Veggie Focus on the humble CABBAGE

Red and Green cabbage

Choose Cabbage if you are on a budget!

Red and Green Cabbage
Red and Green Cabbage. Red are more nutritious!

Cabbage has surprisingly high nutritional value!  It is high in Potassium (can help lower high blood pressure).  It is low in kilojoules so is great for those watching their weight.

It is highly versatile in cooking, salads and for fermenting.

Very common (easy to find) and easy to grow.

High in Anthocyanins (natural anti-oxidants), reducing inflammation. The more colourful (pink, purple, yellow or green) the more anti-oxidants than the pale green variety.

High in naturally occurring Vitamin C (naturally found Vitamin C in plants, works better in our bodies than supplemental C which is made synthetically – I always prefer to use a food rather than a supplement). Vitamin C is required for keeping our Immune System working well, it helps you absorb the Heme Iron from animal protein and is required to make collagen in our bodies.

Also cabbage is high in Vitamin K which is known for helping to keep your bones strong and your blood clotting well when we accidentally cut ourselves.

The insoluble Fibre provides the right food for the Gut bacteria (necessary to produce some essential nutrients, keeps you feeling satisfied and helps to keep your bowels healthy.  

Cabbage improves your Digestion due to the plant sterols (phytosterols) and fibre and also keeps your bowel movements nice and regular. Eating a little bit of fermented sauerkraut or kimchi daily can do wonders (remember to start very small at first, as your gut gets used to the new influx of healthy bacteria being made!

A word of caution: Eating too much cabbage has been seen to induce diarrhoea, wind or bloating if you are not used to having it regularly.

Types of Cabbage available.  The vegetable Brassica Oleracea species includes Green Broccoli, Purple Broccoli, Bok Choy, Brussel Sprouts, Savoy Cabbage, Green Cabbage, Red Cabbage, Chinese cabbage, Cauliflower, Kohlrabi and Kale.

Ensure you get plenty of variety when buying your Brassica vegetables, as the more diverse your selection of vegetables, the healthier you will be.  You are not doing the body any favours by buying the same vegetables each week.  Try a new one!! Experimenting with a new veggie can be a challenge, but could become a new favourite!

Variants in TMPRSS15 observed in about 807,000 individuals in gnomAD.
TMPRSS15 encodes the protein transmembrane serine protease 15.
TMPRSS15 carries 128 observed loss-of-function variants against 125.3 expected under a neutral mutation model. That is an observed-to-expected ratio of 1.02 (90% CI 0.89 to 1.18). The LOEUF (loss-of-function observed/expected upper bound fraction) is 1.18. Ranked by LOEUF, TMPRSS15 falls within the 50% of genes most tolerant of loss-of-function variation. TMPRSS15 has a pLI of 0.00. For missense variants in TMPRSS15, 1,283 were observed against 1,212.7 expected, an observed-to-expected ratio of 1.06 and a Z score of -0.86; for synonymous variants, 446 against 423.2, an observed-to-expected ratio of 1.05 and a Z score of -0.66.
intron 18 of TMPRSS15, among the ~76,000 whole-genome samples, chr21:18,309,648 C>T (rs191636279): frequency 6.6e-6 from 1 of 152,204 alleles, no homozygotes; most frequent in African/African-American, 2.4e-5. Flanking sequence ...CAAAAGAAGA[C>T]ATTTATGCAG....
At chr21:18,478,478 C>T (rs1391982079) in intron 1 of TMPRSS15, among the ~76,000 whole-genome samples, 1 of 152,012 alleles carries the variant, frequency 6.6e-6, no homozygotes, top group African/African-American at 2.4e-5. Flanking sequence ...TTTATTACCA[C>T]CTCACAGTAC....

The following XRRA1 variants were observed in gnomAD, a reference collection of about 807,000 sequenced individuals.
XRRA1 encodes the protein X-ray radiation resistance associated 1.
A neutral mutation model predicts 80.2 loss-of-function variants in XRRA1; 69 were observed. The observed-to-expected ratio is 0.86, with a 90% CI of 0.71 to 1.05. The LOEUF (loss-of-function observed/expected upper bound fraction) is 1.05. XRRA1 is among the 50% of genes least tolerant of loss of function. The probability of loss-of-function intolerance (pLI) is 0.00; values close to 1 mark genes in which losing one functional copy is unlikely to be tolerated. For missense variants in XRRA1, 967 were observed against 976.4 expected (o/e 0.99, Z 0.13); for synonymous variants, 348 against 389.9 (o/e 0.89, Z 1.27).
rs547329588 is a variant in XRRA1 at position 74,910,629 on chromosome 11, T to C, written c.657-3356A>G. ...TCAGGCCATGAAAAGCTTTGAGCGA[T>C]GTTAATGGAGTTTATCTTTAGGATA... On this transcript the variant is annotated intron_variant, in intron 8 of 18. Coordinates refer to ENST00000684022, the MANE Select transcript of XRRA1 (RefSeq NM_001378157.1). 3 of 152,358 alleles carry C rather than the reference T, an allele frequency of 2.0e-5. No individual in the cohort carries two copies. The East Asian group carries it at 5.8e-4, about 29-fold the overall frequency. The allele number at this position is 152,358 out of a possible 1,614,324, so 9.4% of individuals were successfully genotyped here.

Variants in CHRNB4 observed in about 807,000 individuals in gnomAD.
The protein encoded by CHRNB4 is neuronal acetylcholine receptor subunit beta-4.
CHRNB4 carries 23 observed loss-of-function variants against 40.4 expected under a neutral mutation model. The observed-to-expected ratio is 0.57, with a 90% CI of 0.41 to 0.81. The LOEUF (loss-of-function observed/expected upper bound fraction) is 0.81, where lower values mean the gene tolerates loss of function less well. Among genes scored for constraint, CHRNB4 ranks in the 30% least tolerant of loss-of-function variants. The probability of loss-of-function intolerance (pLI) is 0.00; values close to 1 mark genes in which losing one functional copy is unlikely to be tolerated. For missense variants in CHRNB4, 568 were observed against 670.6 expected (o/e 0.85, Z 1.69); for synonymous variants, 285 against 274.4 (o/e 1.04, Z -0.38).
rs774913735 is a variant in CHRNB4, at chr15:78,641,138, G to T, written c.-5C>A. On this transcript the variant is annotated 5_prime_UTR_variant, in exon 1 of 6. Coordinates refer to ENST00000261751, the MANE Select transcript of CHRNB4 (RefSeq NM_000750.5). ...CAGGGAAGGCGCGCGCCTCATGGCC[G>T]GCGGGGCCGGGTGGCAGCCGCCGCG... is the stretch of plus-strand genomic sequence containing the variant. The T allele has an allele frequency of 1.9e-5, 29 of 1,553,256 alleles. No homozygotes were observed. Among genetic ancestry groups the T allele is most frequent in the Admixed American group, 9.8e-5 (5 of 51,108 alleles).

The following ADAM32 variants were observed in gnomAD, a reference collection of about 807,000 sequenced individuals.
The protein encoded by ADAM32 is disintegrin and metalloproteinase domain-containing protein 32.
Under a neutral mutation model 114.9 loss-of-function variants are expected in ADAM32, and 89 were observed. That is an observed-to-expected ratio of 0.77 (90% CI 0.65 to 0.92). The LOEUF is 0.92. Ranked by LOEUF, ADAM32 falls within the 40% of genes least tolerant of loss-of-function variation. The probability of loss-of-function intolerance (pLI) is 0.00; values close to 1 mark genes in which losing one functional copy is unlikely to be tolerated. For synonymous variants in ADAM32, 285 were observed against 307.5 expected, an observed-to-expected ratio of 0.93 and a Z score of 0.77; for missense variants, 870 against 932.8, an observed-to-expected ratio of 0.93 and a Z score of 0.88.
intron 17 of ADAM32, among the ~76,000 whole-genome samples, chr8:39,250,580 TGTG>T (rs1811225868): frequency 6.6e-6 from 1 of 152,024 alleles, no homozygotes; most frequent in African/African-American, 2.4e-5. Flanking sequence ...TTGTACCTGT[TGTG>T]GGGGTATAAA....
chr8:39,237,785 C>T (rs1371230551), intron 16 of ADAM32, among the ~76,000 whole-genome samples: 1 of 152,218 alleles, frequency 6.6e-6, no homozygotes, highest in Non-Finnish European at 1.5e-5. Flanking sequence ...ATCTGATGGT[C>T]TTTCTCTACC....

A very easy recipe for Sauerkraut is finely sliced Chinese Cabbage (Red or Green) and salt. I prefer to use Red Chinese cabbage as it has more anthocyanins (anti-oxidants). The amount of salt to add per whole cabbage is about 1 and a half tablespoons of ground course Sea Salt or Himalayan Salt. Massage salt into the finely sliced cabbage with clean hands and leave to ferment for a day or two, covering the large bowl with a tea towel. Water will be drawn out of the cabbage and will accumulate in the bottom of your bowl. Save this cabbage water to help keep the cabbage covered once in the glass jar. Transfer your fermented red cabbage to a clean glass container with a lid. Add a saved whole cabbage leaf (folded) to the top to keep the sauerkraut securely underneath the brine. add the brine (salty water) from the fermenting process. Put your lid on loosely, so that air can escape. Be sure to pop a small plate underneath the jar after putting in the fridge, to catch any overflow. You can experiment with subsequent batches by adding any of the following vegetables, which can add a slightly different flavour and adds interest when stored in a glass jar – radish, turnip, carrot, beetroot, capsicum, kohlrabi, Jerusalem artichoke, onion, leek, shallot, garlic, or seaweed. Other herbs and spices to add are caraway seeds, turmeric, ginger, juniper berries, dill, or hot peppers. Enjoy a small amount your home-made pink sauerkraut daily with a summer salad!

Red Chinese Cabbage
Red Chinese Cabbage is great for making Sauerkraut and looks so pretty.

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